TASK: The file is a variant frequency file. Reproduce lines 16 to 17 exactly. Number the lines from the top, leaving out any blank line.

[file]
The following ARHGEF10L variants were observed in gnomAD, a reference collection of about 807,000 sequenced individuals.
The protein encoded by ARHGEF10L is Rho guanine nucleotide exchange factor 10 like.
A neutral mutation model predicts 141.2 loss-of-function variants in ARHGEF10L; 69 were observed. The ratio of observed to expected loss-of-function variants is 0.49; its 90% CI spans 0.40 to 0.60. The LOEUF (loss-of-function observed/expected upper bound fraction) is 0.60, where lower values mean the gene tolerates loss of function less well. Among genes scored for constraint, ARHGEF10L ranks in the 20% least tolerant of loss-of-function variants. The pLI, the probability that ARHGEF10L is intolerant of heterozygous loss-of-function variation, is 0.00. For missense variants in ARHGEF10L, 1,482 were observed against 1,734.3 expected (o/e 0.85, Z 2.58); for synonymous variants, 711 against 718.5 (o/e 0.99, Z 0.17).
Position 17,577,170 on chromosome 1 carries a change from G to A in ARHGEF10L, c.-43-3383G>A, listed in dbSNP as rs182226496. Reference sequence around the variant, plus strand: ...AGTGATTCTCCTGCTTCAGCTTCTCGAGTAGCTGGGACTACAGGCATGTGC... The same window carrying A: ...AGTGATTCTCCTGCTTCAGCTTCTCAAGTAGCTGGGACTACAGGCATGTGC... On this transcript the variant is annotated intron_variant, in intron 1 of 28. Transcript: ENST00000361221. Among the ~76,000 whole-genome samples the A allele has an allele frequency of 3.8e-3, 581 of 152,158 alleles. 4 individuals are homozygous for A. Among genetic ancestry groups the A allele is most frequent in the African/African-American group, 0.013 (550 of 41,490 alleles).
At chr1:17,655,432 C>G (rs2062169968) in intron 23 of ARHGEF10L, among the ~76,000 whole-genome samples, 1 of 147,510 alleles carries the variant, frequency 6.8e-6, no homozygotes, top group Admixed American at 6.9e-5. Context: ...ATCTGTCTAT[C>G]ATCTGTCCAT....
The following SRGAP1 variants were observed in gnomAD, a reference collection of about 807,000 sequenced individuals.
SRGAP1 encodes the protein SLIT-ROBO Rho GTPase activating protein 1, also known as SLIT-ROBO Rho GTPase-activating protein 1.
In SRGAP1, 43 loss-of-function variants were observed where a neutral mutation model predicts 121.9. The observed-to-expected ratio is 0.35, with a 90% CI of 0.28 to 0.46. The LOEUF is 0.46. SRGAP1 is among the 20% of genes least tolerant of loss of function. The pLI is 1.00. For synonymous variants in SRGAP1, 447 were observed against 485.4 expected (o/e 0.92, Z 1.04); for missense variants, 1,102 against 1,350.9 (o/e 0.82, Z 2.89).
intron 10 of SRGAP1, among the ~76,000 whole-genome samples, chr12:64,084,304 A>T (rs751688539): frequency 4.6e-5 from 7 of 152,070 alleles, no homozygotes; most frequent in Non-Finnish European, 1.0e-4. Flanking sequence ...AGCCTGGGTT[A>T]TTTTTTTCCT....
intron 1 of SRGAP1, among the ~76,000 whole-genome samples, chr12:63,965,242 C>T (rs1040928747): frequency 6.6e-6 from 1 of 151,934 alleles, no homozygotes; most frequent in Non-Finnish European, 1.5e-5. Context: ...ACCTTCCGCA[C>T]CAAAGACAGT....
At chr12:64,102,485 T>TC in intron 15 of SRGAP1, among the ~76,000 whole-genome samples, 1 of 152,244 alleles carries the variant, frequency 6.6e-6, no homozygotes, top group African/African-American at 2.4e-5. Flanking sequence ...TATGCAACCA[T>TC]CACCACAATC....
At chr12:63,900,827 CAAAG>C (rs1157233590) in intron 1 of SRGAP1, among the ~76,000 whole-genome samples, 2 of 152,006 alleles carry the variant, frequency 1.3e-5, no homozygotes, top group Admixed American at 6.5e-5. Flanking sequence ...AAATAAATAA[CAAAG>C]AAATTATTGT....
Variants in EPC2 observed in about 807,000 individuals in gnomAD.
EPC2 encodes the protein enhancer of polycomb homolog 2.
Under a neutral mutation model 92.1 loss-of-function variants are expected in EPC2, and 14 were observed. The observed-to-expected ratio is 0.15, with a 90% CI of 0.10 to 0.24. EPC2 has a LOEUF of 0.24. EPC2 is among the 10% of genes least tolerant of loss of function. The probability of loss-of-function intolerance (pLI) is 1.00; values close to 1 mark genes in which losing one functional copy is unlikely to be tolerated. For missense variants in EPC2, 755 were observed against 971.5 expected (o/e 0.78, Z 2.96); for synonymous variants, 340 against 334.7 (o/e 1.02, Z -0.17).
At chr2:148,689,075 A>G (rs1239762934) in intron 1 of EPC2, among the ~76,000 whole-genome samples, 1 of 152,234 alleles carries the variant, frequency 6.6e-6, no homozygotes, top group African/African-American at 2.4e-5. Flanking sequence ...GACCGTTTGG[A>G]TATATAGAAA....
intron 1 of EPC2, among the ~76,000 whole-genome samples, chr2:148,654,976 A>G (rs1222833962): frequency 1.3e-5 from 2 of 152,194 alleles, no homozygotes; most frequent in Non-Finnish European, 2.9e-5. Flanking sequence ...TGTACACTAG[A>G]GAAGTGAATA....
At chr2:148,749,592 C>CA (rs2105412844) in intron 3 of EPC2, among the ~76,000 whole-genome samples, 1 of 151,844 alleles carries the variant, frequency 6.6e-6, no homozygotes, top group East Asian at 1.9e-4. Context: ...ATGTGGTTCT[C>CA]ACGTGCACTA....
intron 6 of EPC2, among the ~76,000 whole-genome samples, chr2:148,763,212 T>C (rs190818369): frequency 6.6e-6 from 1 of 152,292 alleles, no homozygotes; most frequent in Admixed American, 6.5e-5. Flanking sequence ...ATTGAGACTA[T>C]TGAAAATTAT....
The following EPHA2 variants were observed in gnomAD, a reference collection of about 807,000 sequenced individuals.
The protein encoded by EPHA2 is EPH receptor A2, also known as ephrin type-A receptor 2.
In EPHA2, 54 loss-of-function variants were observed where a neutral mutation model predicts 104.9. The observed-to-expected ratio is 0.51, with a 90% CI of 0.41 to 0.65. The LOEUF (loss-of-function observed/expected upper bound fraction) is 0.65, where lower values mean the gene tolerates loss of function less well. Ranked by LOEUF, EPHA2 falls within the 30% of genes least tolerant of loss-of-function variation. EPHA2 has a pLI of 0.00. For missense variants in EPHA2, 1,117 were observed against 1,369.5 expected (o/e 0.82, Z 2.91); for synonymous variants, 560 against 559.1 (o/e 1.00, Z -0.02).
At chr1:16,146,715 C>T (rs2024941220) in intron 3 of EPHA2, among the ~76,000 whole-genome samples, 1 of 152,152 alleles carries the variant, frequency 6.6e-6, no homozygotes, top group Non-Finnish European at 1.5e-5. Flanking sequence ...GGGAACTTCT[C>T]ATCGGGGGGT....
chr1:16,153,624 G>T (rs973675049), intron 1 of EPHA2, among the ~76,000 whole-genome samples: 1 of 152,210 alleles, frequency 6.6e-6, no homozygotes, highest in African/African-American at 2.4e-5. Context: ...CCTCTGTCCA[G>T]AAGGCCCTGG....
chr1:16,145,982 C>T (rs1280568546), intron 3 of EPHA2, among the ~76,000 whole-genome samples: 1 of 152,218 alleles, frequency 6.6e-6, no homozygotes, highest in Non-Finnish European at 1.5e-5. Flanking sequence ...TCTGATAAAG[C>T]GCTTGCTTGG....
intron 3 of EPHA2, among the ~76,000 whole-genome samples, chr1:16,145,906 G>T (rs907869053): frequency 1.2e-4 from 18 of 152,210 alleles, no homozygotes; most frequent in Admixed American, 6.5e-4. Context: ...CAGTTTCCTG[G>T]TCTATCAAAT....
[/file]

At chr2:148,689,075 A>G (rs1239762934) in intron 1 of EPC2, among the ~76,000 whole-genome samples, 1 of 152,234 alleles carries the variant, frequency 6.6e-6, no homozygotes, top group African/African-American at 2.4e-5. Flanking sequence ...GACCGTTTGG[A>G]TATATAGAAA....
intron 1 of EPC2, among the ~76,000 whole-genome samples, chr2:148,654,976 A>G (rs1222833962): frequency 1.3e-5 from 2 of 152,194 alleles, no homozygotes; most frequent in Non-Finnish European, 2.9e-5. Flanking sequence ...TGTACACTAG[A>G]GAAGTGAATA....